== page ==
It would be difficult to raise payroll taxes, once cut. All the more reason to pair this with a tax on carbon/energy consumption. Remembering 1993 and falsely analogizing that to the present, some Democrats may shy away from such a tax combo. If so, they should notice the political opening reflected in the support for such a pairing coming from people like Lawrence Lindsay, here (read all the way to the end) and Charles Krauthammer, here.
4. Infrastructure and other investments that are … well … good investments: By kicking the door open to investments of all kinds, with a macro-dollar target, the government sends two messages, both potentially pernicious. One is that these investments are really just "helicopter money," so the merits aren’t all that critical. The other is that when times are bad we can just spend our way out.
Doubtless there are long-deferred or needed projects that seem likely to increase the long-term productivity of the United States. In that case, the debt is expected to improve, or at least not harm, the long-term debt-to-GDP ratio of the United States. A focus on project merits is different from making up a list to meet a macro stimulus target or prioritizing projects that are dubious but "shovel-ready."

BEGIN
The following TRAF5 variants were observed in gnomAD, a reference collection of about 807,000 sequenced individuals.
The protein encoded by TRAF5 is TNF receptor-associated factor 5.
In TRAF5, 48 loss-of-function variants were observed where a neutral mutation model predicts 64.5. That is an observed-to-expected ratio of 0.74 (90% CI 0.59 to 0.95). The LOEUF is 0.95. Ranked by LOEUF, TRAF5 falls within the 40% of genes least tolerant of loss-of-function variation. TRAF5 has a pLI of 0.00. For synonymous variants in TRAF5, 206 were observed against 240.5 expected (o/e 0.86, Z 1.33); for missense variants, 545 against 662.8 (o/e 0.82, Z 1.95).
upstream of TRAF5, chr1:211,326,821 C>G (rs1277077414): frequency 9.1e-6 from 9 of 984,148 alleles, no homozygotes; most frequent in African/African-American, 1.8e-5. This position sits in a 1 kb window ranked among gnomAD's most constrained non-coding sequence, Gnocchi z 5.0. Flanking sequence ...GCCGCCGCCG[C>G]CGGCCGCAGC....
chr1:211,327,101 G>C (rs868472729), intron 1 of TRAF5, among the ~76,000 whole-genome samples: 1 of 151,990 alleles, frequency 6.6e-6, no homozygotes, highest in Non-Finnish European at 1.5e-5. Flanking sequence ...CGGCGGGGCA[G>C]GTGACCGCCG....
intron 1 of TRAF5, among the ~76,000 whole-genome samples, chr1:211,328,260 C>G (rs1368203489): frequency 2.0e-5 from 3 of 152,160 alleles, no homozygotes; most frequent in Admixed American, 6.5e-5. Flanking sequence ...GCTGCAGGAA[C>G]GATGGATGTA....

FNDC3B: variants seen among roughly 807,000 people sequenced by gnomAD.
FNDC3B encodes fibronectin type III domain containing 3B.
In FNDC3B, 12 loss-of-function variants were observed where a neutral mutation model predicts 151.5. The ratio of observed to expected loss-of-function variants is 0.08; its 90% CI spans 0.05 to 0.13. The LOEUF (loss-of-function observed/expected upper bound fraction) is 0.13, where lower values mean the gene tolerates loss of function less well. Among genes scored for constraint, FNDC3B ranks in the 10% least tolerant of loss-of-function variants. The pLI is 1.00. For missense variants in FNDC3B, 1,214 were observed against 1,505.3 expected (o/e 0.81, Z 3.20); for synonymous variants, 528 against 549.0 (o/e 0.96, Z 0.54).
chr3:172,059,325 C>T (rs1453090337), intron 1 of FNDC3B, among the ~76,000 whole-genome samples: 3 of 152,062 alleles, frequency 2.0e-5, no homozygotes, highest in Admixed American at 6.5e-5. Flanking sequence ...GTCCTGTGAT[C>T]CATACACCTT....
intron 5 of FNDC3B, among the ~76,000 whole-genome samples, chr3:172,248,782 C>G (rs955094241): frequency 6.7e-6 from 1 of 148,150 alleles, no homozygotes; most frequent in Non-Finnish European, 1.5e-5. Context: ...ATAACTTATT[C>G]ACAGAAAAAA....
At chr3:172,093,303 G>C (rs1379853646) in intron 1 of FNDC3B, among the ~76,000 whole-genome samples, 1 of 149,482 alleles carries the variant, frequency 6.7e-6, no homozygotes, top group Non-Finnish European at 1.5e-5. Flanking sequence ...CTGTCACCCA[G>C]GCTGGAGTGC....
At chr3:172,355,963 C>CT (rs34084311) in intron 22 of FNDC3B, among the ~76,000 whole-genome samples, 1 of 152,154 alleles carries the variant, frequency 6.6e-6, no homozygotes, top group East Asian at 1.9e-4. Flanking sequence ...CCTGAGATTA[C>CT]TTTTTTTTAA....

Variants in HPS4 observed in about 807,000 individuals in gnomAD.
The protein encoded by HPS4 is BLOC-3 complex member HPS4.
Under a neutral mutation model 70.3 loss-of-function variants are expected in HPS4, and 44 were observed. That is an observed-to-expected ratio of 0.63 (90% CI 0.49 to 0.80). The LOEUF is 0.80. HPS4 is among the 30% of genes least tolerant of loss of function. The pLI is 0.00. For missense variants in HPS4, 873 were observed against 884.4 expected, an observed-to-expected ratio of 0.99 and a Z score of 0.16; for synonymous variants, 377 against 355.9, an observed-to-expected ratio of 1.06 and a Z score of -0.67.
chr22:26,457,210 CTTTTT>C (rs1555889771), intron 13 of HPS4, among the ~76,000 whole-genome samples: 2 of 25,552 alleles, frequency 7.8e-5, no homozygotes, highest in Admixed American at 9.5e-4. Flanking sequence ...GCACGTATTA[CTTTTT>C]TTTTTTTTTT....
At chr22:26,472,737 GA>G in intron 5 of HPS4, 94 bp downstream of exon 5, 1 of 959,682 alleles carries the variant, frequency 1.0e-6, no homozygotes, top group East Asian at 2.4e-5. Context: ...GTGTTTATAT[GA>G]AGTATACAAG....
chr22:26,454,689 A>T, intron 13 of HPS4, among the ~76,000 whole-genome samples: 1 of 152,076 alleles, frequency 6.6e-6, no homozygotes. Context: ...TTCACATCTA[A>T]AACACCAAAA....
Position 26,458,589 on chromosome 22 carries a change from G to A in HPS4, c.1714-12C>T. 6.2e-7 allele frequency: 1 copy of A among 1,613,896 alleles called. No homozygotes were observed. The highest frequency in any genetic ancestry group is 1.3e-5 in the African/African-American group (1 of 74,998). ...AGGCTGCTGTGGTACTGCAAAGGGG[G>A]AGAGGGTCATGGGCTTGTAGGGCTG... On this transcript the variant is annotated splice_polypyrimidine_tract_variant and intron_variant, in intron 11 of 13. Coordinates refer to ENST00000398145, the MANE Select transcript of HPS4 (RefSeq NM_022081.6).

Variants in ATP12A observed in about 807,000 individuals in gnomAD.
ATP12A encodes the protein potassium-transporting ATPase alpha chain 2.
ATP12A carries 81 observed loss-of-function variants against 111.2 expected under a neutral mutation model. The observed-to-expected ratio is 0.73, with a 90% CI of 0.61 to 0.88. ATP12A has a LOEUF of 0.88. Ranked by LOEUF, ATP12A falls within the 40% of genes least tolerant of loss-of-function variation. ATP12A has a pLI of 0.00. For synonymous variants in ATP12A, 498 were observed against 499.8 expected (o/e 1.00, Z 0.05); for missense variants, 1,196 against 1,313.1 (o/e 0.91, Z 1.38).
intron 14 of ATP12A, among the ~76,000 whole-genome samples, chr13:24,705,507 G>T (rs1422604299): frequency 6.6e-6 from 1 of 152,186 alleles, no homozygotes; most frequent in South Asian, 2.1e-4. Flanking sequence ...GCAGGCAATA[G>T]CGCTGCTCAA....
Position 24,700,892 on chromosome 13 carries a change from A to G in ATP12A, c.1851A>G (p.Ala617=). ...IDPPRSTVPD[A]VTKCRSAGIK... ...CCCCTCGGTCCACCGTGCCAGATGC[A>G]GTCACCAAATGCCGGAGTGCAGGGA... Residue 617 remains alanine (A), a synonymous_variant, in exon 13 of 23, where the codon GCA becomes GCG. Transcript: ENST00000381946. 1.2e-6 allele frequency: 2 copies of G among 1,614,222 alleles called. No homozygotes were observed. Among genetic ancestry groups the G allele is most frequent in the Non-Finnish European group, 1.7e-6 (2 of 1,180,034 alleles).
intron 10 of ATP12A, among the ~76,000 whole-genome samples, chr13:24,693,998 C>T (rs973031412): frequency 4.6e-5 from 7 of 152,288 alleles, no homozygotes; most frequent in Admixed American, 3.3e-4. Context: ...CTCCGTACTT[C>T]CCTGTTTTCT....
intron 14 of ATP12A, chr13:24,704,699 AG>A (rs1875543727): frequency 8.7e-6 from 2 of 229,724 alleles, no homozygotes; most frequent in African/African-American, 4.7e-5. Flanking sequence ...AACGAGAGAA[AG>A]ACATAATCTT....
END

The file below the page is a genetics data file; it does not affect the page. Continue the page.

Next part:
One of the best aspects in President-elect Obama’s address at George Mason yesterday was in the way he described his intentions for infrastructure investment. His list wasn’t about being "shovel-ready." He was ready to make his cases on the merits for American productivity. Good. That kind of approach, credibly sustained, will maintain confidence in America’s commitment to fiscal sustainability.
So to wrap up: These cautionary suggestions are not so distant from the kind of suggestions about fiscal stimulus that good economists were making just a few months ago. In the middle of 2008, for instance, Larry Summers focused on unemployment insurance, offsets for shortfalls in municipal bond markets, some other "carefully designed" infrastructure support, all coupled to "budget process reform that provides reassurance that, once the crisis passes, the fiscal policy discipline of the 1990s will be reestablished." Given the huge political momentum that has now gathered for massive stimulus spending, Summers, Geithner, and Orzsag may now feel they are riding the tiger.
Since the administration spokesmen necessarily downplay the risks, with consequences they might regret, outsiders are right to stress the risks of doing too much, doing it too unilaterally, or doing it in the wrong way. The foundations of U.S. prosperity and influence are at stake.
Philip Zelikow holds professorships in history and governance at the University of Virginia’s Miller Center of Public Affairs. He also worked on international policy as a U.S. government official in five administrations.